- Stakeholder input is key
- HSF has a coordination role
- Mention IRIS-HEP, SIDIS, other existing projects?
- Could at minimum have a link to last year’s JLab workshop session / European Strategy submission
- Prefer to mention things we know are funded
- Mention links with ESCAPE? (currently mentioned in trigger&reco chapter)
- As long as relevant to the HL-LHC focus
Working Group Updates
Nothing to report, occupied with the LHCC report.
For the last couple of weeks focused on the LHCC report. Need to organize the next topical meeting asap avoiding conflicts with May workshop.
Reconstruction and Software Triggers
No meeting in May due to workshop, but some (incl. categories) potentially lined up after interactions for LHCC doc:
- Accelerators in trigger & reconstruction (Allen/Patatrack updates since CHEP + contribution from ATLAS, topics can be chosen following HSF workshop contributions)
- [category of meetings] How experiments sharing pieces of LHC experiments can reuse LHC trigger & reco code. Cases in mind: FASER, LDMX (but maybe more, e.g. future colliders?)
- CBM experiment and 4D (time-slice) tracking reconstruction
- FASTML (HSF4ML & SONIC) for ML on accelerators
- (from earlier) Particle flow review
Would it be worth categorizing meetings according to priorities in the LHCC document? May benefit HSF PR…
Using the LHCC document to plan the next activities for the working groups is strongly supported.
We have a request from someone who wanted to work in the trigger & reco area (see previous meetings).
Idea could be to have him help with ESCAPE dark matter test case (= show an end-to-end physics analysis) and liaise with HSF WGs (especially frameworks and data analysis) on what is being done right now and what can be done in the future. Other ideas/objections?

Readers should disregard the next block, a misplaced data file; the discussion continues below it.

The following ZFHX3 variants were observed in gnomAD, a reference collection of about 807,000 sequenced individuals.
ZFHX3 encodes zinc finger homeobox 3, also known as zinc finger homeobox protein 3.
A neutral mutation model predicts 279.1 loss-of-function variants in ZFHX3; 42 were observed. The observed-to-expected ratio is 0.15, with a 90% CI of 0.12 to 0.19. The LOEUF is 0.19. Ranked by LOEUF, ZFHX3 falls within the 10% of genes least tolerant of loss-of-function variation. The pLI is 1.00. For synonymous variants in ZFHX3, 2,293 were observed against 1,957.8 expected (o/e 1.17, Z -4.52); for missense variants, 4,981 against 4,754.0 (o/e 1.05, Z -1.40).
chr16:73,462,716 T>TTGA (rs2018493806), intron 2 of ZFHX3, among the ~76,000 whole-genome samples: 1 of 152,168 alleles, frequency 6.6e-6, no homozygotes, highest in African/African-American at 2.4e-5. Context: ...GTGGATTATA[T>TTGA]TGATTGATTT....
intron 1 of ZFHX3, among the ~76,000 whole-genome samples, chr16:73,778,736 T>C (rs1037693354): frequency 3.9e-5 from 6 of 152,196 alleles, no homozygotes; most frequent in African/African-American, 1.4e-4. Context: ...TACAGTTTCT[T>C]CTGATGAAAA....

Nothing to report.
Presentation on Spack during pre-GDB Software Development meeting on 5 May 2020 (agenda):
- 10’+5’ talk to be given by Ben Morgan as the expert,
- Focus on practicalities of Spack (building/installing software).
No firm release date on Spack 0.15. Having said that, it’ll be a major release (will probably include new concretiser and an official binary repository).
We have mostly been working on the draft of our longer document (that supplements what’s in the LHCC one). This has been a lot of work, but is now quite close to converging (after being circulated to the WG for comments).
Will try to hold one more meeting (next week) before the “virtual workshop”, continuing the multi-threaded scheduling discussions.
Details to be circulated soon…
Interesting blog post from Code Refinery on their experience of running online training.
New Architectures, Portability, and Sustainability
HSF WLCG Virtual Workshop on New Architectures, Portability, and Sustainability
- Tentative timetable added
- Speakers to be added soon
Workshop preparation progressing, finalising the timetable.
- ALLEN probably moved from Monday to Tuesday, to be confirmed
We ask that people register so that we can gauge the level of interest and best organisation options.
Prepared a virtual meeting guide to try to make the event work as well as possible, more suggestions and feedback very welcome here (we are treading new ground).
PyHEP 2020 Workshop
Virtual Workshop Planned
- Next regular meeting slot is 7 May